How to compile and burn the code to AVR chip on Linux/MacOSX/Windows ?

This is a quick tutorial for beginners that aims to show how to install tools, compile the code with avr-gcc and send it to the MCU with avrdude. It also introduce basics of automation of this task by putting the all instructions into Makefile. The example files (main.c, main.bin, main.hex, Makefile) has been packaged as a .ZIP file and can be downloaded here.


[28.10.2019] Take a look at docker version of AVR Toolchain

1. Installing avr-gcc and tools

To compile C and/or C++ source code of your firmware you will need gcc-avr compiler, the avr-libc C library and avrdude. What is extremely useful, there are complete and easy to install packages for all major platforms.

Linux, Ubuntu

Ubuntu provides packages, so you can just install them using this command.

$ sudo apt-get install gcc-avr avr-libc avrdude


Download AVR MacPack. The MacPack disk image has an installer that does everything for you.


Download WinAVR, which includes everything you need and has a nice installer.

2. Compiling and burning the code

Now that you have the compiler installed, a next step is to compile simple source code into a .BIN file, then generate Intel .HEX file and finally burn this .HEX file to AVR chip using USBasp programmer.

Example code

Here is an example content of main.c file. The code does nothing except getting stuck in an endless loop but it’s always something!


        while (1);


The command below will compile your code. It’s GCC so I assume it looks familiar to you and no additional information is required. If you want perform compilation for some other MCU then you need specify appropriate -mmcu option.

$ avr-gcc -Wall -g -Os -mmcu=attiny13 -o main.bin main.c

After performing successful compilation, you can check program and data memory size with this command.

$ avr-size -C main.bin
AVR Memory Usage
Device: Unknown

Program:      40 bytes
(.text + .data + .bootloader)

Data:          0 bytes
(.data + .bss + .noinit)

Generating .HEX

Most programmers will not accept a GNU executable as an input file, so we need to do a little more processing. So the next step is about converting the information form .BIN into .HEX file. The GNU utility that does this is called avr-objcopy.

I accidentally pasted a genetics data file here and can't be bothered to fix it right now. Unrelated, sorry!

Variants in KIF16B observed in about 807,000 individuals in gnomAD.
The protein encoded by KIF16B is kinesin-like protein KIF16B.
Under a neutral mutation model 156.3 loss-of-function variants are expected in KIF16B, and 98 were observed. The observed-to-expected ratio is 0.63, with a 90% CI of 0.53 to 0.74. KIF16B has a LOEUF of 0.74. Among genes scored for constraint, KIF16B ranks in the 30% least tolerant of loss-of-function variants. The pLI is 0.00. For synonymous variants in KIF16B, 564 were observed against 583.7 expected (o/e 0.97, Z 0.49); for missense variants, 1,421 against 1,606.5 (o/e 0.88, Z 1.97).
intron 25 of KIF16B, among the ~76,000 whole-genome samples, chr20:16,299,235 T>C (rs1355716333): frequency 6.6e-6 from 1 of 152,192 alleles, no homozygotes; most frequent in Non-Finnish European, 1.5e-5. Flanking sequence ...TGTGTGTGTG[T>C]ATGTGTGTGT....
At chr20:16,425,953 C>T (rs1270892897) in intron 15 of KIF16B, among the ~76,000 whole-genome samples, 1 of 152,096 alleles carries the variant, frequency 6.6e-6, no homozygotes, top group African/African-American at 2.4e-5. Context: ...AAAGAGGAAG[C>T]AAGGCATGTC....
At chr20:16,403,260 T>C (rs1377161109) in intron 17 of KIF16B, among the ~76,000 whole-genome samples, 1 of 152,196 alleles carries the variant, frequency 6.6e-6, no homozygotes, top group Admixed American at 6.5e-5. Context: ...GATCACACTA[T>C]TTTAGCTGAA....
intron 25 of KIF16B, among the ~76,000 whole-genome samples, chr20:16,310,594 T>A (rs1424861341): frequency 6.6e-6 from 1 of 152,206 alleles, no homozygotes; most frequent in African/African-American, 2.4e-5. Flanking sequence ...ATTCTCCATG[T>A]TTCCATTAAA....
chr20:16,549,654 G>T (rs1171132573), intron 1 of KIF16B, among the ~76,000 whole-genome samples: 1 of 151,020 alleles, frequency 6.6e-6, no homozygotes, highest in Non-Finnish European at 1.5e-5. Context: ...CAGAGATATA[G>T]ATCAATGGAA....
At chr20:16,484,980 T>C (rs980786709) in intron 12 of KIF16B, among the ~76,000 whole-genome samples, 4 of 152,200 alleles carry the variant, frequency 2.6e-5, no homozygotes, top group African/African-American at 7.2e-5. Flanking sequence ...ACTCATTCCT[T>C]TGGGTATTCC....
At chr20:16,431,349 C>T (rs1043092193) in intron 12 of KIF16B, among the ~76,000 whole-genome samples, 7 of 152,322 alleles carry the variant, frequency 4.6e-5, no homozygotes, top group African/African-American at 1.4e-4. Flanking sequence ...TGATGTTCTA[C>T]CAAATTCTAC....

$ avr-objcopy -j .text -j .data -O ihex main.bin main.hex


The utility called avrdude can program processors using the contents of the .HEX files specified on the command line. With the command below, the file main.hex will be burned into the flash memory. The -p attiny13 option lets avrdude know that we are operating on an ATtiny13 chip. In other words – this option specifies the device. The full list of supported parts can be found here. Note that full-length names are also acceptable (i.e. t13 equals attiny13).

$ avrdude -p attiny13 -c usbasp -U flash:w:main.hex:i -F -P usb

Voila! Chip is programmed.

3. Make and makefiles

Now, we can automate this process by creating a Makefile and putting our commands there. The structure of a Makefile is very simple, and more information about it can be found here. Utility make reads automatically a Makefile file in the folder where you launch it. Take a look at a ready-made example.

CFLAGS=-std=c99 -Wall -g -Os -mmcu=${MCU} -DF_CPU=${F_CPU} -I.

        ${CC} ${CFLAGS} -o ${TARGET}.bin ${SRCS}
        ${OBJCOPY} -j .text -j .data -O ihex ${TARGET}.bin ${TARGET}.hex

        avrdude -p ${MCU} -c usbasp -U flash:w:${TARGET}.hex:i -F -P usb

        rm -f *.bin *.hex

If you launch a simple make in the terminal, only label “all” will be executed. When you launch (sudo) make flash label “flash” will be executed, and so on.

$ make
avr-gcc -std=c99 -Wall -g -Os -mmcu=attiny13 -DF_CPU=1200000 -I. -o main.bin main.c 
avr-objcopy -j .text -j .data -O ihex main.bin main.hex    
$ make flash
avrdude -p attiny13 -c usbasp -U flash:w:main.hex:i -F -P usb

avrdude: warning: cannot set sck period. please check for usbasp firmware update.
avrdude: AVR device initialized and ready to accept instructions

Reading | ################################################## | 100% 0.00s

avrdude: Device signature = 0x1e9007
avrdude: NOTE: "flash" memory has been specified, an erase cycle will be performed
         To disable this feature, specify the -D option.
avrdude: erasing chip
avrdude: warning: cannot set sck period. please check for usbasp firmware update.
avrdude: reading input file "main.hex"
avrdude: writing flash (40 bytes):

Writing | ################################################## | 100% 0.05s

avrdude: 40 bytes of flash written
avrdude: verifying flash memory against main.hex:
avrdude: load data flash data from input file main.hex:
avrdude: input file main.hex contains 40 bytes
avrdude: reading on-chip flash data:

Reading | ################################################## | 100% 0.03s

avrdude: verifying ...
avrdude: 40 bytes of flash verified

avrdude: safemode: Fuses OK (H:FF, E:FF, L:6A)

avrdude done.  Thank you.

4. Summary

Essentially, assuming that our program is in main.c, only those three things are needed to compile and burn the code to AVR chip.